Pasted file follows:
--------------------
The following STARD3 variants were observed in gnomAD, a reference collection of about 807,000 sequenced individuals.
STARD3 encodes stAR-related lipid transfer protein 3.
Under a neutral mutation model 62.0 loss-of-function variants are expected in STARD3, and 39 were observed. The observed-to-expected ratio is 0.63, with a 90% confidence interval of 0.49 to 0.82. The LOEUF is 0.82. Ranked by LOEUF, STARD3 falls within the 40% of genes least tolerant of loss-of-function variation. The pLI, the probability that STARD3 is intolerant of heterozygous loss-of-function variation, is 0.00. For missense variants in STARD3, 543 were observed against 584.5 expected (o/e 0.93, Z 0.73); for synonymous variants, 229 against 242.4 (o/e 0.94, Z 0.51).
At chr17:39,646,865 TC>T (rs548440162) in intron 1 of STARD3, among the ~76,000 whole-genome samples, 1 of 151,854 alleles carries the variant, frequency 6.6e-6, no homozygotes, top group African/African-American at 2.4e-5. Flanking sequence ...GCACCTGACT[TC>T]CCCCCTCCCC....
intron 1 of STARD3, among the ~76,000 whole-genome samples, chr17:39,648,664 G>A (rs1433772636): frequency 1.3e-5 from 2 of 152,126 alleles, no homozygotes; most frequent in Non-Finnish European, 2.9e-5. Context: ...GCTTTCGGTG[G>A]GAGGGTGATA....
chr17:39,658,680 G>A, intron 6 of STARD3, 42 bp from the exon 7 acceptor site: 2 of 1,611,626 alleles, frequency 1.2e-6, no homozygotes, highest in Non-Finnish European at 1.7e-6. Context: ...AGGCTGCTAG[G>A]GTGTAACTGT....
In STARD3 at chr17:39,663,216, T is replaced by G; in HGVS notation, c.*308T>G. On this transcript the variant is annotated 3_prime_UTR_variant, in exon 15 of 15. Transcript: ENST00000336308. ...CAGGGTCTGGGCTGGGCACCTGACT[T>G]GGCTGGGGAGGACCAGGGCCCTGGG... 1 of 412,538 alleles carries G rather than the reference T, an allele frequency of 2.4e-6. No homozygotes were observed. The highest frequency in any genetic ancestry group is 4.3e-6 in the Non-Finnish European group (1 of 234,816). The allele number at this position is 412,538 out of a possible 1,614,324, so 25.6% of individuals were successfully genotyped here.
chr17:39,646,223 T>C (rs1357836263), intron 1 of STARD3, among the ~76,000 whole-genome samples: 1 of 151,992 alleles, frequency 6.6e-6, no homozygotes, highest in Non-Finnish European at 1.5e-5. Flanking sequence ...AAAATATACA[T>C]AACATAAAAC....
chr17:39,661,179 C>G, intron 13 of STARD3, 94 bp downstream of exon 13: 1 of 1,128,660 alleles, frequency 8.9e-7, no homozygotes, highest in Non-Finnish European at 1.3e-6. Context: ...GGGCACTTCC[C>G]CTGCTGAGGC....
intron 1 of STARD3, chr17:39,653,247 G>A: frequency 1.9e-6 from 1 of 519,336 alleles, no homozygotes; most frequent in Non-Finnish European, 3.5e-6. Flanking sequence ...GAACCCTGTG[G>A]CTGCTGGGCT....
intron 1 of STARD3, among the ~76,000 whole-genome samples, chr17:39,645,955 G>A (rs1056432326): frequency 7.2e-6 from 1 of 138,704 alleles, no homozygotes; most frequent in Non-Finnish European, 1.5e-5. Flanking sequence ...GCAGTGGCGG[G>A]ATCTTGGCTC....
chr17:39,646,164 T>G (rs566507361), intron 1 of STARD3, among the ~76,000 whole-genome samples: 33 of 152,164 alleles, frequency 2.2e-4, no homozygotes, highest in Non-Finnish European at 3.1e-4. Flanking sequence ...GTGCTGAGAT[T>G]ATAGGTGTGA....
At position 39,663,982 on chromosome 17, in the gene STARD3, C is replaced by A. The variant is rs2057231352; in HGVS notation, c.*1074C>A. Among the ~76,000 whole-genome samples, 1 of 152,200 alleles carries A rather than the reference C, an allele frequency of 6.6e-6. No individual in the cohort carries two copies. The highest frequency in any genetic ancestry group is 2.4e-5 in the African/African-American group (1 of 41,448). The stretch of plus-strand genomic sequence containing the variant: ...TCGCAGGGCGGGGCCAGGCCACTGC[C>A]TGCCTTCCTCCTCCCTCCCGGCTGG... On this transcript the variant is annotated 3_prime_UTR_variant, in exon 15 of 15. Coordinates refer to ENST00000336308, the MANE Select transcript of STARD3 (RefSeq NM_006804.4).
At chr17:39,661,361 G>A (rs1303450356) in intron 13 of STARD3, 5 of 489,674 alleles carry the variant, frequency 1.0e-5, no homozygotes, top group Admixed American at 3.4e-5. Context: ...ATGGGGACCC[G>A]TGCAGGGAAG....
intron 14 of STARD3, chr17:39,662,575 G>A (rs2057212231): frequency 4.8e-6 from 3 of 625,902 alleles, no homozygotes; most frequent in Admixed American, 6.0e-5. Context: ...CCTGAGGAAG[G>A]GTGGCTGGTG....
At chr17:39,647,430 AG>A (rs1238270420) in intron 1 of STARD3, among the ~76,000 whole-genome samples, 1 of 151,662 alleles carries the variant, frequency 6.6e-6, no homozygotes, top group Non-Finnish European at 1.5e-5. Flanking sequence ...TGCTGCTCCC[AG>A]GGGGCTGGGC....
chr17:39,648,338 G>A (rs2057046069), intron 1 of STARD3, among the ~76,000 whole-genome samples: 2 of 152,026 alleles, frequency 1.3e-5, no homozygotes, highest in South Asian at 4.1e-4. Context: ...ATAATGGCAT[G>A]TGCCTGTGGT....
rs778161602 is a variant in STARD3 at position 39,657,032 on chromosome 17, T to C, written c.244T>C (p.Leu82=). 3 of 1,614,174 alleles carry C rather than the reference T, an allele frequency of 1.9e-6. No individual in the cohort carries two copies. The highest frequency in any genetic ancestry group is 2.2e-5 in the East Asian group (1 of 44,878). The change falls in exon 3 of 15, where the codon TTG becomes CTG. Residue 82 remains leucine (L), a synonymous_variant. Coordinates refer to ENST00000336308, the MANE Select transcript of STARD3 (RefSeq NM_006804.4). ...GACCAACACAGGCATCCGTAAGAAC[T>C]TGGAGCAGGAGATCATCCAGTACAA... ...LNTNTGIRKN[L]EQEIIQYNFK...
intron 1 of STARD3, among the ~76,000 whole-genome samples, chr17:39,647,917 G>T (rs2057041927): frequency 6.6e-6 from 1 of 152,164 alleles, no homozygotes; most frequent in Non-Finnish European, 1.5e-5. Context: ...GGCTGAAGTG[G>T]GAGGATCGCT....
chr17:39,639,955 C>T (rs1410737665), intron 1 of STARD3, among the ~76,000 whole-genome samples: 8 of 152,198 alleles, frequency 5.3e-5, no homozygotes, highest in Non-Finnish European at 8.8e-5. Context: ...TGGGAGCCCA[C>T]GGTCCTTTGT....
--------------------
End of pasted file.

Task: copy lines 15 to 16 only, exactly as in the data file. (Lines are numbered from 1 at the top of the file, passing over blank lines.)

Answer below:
intron 14 of STARD3, chr17:39,662,575 G>A (rs2057212231): frequency 4.8e-6 from 3 of 625,902 alleles, no homozygotes; most frequent in Admixed American, 6.0e-5. Context: ...CCTGAGGAAG[G>A]GTGGCTGGTG....
At chr17:39,647,430 AG>A (rs1238270420) in intron 1 of STARD3, among the ~76,000 whole-genome samples, 1 of 151,662 alleles carries the variant, frequency 6.6e-6, no homozygotes, top group Non-Finnish European at 1.5e-5. Flanking sequence ...TGCTGCTCCC[AG>A]GGGGCTGGGC....